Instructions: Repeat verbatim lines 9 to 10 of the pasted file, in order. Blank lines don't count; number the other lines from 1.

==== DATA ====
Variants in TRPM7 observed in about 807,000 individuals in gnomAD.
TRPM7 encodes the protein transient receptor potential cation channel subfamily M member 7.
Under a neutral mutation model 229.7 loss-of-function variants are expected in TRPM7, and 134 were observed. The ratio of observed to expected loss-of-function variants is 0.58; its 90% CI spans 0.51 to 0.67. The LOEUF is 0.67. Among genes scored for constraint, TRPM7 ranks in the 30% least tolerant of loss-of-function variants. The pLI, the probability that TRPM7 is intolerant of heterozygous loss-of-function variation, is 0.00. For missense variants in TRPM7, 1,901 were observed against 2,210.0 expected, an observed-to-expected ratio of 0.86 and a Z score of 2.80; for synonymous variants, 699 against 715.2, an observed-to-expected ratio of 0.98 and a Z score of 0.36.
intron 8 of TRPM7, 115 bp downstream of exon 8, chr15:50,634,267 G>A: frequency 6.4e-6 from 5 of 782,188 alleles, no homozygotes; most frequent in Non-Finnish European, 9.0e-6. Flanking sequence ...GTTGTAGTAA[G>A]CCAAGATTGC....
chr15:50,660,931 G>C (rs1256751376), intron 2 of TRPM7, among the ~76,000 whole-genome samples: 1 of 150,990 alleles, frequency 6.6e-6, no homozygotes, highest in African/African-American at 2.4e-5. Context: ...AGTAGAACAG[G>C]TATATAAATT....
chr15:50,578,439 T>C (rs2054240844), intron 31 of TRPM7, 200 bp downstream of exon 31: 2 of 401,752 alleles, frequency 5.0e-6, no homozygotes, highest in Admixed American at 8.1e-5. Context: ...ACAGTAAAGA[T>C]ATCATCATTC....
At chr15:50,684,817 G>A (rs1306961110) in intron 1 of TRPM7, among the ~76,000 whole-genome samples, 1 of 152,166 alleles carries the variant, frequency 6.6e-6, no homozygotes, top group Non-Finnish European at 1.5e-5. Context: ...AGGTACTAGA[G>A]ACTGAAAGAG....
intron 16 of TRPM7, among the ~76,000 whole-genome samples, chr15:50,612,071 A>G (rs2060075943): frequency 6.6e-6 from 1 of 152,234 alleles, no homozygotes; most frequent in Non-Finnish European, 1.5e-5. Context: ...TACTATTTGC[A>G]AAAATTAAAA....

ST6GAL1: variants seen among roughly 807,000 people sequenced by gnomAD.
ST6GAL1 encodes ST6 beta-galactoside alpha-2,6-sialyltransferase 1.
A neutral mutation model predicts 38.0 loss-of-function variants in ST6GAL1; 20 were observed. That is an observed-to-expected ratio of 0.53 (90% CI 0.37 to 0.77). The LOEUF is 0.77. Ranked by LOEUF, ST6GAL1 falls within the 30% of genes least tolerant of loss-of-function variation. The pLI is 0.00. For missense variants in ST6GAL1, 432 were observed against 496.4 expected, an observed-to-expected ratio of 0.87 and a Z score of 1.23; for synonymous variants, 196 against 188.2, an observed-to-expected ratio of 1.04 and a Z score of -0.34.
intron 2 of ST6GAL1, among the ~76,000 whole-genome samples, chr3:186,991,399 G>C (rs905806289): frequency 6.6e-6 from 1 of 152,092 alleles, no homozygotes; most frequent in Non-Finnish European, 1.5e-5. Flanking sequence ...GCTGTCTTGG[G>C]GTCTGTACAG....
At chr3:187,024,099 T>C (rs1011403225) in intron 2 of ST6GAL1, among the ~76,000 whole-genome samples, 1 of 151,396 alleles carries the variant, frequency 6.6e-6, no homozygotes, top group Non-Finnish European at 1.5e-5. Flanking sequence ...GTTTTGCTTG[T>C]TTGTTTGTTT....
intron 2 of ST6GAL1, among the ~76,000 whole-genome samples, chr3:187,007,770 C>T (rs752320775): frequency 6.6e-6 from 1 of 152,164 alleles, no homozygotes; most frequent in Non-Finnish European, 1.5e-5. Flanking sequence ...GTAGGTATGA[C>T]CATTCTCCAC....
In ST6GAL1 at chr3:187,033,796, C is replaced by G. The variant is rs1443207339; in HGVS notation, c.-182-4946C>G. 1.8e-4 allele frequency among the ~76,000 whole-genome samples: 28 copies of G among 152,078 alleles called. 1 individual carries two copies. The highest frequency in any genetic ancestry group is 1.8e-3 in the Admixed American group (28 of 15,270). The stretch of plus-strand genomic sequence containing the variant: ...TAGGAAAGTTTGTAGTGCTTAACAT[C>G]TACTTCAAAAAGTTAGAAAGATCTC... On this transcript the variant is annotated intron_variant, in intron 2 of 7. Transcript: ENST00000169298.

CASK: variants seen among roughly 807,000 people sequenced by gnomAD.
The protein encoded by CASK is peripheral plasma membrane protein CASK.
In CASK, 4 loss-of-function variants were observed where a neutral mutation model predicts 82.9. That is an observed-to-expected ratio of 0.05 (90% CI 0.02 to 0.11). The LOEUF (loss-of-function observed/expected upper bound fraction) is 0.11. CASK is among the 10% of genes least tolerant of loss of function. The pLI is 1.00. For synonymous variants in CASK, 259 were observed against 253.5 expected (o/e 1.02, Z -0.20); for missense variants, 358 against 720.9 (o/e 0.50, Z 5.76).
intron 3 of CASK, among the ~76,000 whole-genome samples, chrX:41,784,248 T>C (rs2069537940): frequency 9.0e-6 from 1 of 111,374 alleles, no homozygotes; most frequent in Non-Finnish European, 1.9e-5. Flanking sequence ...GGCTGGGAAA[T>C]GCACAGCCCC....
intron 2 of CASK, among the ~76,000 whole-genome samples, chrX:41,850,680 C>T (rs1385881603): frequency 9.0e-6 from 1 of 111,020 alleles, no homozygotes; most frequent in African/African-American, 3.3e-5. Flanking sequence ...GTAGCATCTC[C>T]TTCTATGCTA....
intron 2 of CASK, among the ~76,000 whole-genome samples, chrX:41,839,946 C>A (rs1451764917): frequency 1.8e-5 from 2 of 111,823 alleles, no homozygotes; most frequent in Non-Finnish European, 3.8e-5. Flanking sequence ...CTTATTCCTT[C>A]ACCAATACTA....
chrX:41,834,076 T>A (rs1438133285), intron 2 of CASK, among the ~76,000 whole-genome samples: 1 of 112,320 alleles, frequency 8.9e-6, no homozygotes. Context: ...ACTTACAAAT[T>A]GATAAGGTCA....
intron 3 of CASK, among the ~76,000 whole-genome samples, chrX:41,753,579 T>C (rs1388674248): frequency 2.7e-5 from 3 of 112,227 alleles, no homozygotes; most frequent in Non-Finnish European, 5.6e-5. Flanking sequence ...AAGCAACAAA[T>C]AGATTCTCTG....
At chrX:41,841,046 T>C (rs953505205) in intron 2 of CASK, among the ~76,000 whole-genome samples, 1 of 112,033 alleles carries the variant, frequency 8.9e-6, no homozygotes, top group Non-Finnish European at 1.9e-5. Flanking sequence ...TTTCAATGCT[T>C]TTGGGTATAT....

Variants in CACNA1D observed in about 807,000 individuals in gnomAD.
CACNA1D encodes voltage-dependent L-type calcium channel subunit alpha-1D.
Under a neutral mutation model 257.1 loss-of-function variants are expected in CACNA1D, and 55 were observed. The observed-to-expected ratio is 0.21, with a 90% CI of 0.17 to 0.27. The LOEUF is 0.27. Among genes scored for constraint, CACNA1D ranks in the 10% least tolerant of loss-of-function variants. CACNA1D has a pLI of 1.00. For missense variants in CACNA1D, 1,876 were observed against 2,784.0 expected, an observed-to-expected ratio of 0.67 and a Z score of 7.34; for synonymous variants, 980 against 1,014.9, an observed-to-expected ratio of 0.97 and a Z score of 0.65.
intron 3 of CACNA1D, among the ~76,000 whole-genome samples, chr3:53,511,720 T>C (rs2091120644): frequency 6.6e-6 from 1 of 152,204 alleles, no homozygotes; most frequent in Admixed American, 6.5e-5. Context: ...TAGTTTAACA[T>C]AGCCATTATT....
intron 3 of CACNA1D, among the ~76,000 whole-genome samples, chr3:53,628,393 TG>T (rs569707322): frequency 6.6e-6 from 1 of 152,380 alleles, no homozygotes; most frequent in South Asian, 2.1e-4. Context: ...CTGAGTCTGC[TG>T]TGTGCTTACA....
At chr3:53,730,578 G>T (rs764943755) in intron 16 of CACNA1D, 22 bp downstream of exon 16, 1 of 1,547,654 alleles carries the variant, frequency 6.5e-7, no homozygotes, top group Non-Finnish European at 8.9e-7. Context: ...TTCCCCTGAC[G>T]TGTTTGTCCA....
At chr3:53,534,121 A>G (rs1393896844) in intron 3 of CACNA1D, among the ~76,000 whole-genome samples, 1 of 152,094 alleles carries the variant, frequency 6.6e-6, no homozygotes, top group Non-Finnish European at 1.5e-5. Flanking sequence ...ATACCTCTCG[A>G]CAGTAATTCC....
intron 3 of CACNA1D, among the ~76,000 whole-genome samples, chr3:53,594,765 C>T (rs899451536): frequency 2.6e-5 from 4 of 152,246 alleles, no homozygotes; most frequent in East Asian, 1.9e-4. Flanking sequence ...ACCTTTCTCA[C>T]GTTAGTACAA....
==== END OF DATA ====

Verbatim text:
ST6GAL1: variants seen among roughly 807,000 people sequenced by gnomAD.
ST6GAL1 encodes ST6 beta-galactoside alpha-2,6-sialyltransferase 1.